How To Keep Up With The News Without Going Crazy

by Kelly Tunney
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We may be only four months into President Donald Trump's administration, but it sure feels like four years, doesn't it? It seems like every week — if not every day — there's a new development to be concerned about. Headlines tell us about Trump's scary executive orders, his sudden firing of staff, or even the GOP's new terrifying health care plans. Alone, these things may be manageable to deal with, but taken together (and so frequently), it's a lot for anyone to handle. That's why it's important to think about how to practice self-care in an overwhelming news cycle.

It's difficult to remember a time when simply watching or reading the news of the day wasn't essentially considered sadistic. While it is important to be aware of what's going on in the world, the events taking place in Trump's administration have real negative effects on people's lives and therefore are more scary to pay attention to.

If you rely on Obamacare for your health insurance and it has helped you afford treatment, you may wince watching Republicans pass the AHCA in the House of Representatives. Or if you or someone you know is an immigrant, Trump's travel ban executive orders may have caused a panic. These are real and valid emotions, and they can be managed so that they don't take over your life.

Self-care doesn't have to be synonymous with the famous Parks and Recreation holiday, "Treat Yo Self Day"; it could be as simple as planning out how you're going to fit news into your daily routine. It's not an easy thing to do, but practicing self-care during this stressful time is extremely important. Besides, if you aren't taking care of yourself and your own needs during this tumultuous time, how can you step up to fight for others when their liberty is at stake?

Below, I've detailed some ways you can avoid becoming overwhelmed in the news cycle each day.

Place A Time Limit On Your News Consumption

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A great way to prevent yourself from feeling overwhelmed is by limiting your consumption from the start. Depending on your schedule, you can decide to take 15-minute news updates several times per day, or longer — 30 minutes to an hour — once a day to be updated on what's going on. Once the time is up, put your phone away or turn off the TV. You'll get a dose of the news without spending too much time analyzing every piece of information and letting it fester.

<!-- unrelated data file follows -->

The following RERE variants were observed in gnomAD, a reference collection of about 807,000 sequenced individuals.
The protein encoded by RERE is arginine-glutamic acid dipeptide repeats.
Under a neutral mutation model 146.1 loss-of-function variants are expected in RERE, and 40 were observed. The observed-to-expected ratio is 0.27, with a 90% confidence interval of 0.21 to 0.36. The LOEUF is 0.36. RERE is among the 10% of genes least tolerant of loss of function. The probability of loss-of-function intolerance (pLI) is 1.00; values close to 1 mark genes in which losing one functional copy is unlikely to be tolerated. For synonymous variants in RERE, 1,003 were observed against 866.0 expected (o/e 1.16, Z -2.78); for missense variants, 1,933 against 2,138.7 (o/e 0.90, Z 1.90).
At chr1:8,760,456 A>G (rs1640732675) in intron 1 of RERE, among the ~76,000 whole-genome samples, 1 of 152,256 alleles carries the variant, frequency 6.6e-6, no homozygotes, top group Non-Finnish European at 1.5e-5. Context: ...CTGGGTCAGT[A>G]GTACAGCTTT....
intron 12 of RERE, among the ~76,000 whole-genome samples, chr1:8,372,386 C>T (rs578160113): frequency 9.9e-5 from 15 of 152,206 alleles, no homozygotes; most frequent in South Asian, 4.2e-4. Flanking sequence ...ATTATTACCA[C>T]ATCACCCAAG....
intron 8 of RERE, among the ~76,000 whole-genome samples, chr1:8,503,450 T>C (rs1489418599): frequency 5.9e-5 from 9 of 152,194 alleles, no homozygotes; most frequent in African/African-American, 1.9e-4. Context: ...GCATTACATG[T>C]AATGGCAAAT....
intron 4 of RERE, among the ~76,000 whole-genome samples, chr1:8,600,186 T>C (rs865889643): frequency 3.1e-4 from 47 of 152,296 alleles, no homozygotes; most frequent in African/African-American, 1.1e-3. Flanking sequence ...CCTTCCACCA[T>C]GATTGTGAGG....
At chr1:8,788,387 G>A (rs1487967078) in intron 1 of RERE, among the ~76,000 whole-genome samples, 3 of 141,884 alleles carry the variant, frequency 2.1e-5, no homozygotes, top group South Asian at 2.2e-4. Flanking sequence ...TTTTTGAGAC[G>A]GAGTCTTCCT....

Newsletters are an excellent resource when it comes to summarizing information from around the web. Bustle's daily The Bustle Huddle is also a quick and useful way to check in on what's happening and what Bustle is taking about.

Know That You Don't Have To Listen To Everyone

There is a difference between wanting to be informed on what the opposite side is saying and being pulled into the rage machine. If you, like I am, are enraged by Tucker Carlson, make a decision to not watch his videos, or limit how many you watch. Recognize that you can still be informed about a topic without getting too wrapped up in the extreme pundits' dangerous or misogynistic views. Yes, it is important to consider the viewpoints of those who may have different experiences than you do, but there are less stressful ways to do so.

If you're looking for a round-up of conservative takes, Slate has a great column called "Today In Conservative Media" dedicated the right's viewpoints. That way, you can know what's being discussed without having to dig through all the vitriol.

Be Conscious About Your Choices

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Deciding on what news you're going to consume and how you'll consume it ahead of time can help prevent yourself from becoming overwhelmed. If you know you can handle reading a few newsletters summing up the day's stories, do that. If you go on Facebook and see your Trump-loving relative constantly posting Breitbart articles, maybe it's time to unfollow her posts on your feed. Any little adjustments you can make to reduce your frustration is a step in the right direction.

Recognize When You Need To Walk Away

It's good to feel anger about some news. It means that you are human, and may be compassionate, empathetic, and concerned. However, if you find yourself ruminating for long periods of time about pieces of news and can no longer concentrate on your daily life, it's time to take a break. You may want to help those who are affected by the news, but it's a lot harder to help anyone if you don't have a clear head and are not able to produce ideas and solutions.

Don't Beat Yourself Up

Maybe you're trying to justify your unhealthy consumption by saying, "But I'm not included in the group of people being discriminated against, all I'm doing is reading about it!" That doesn't mean it can't affect you emotionally. You don't have to feel bad about feeling overwhelmed, but when it starts affecting your life, it's time to do something about it.

You can be active in resting and staying informed and involved without it becoming debilitating. Keeping that balance takes time, but is worth it. Even if Trump gets impeached, there are others who will step up to the plate to push harmful agendas (like Vice President Mike Pence), and truly, the fight will continue. We're all in this for the long haul, so self-care is essential.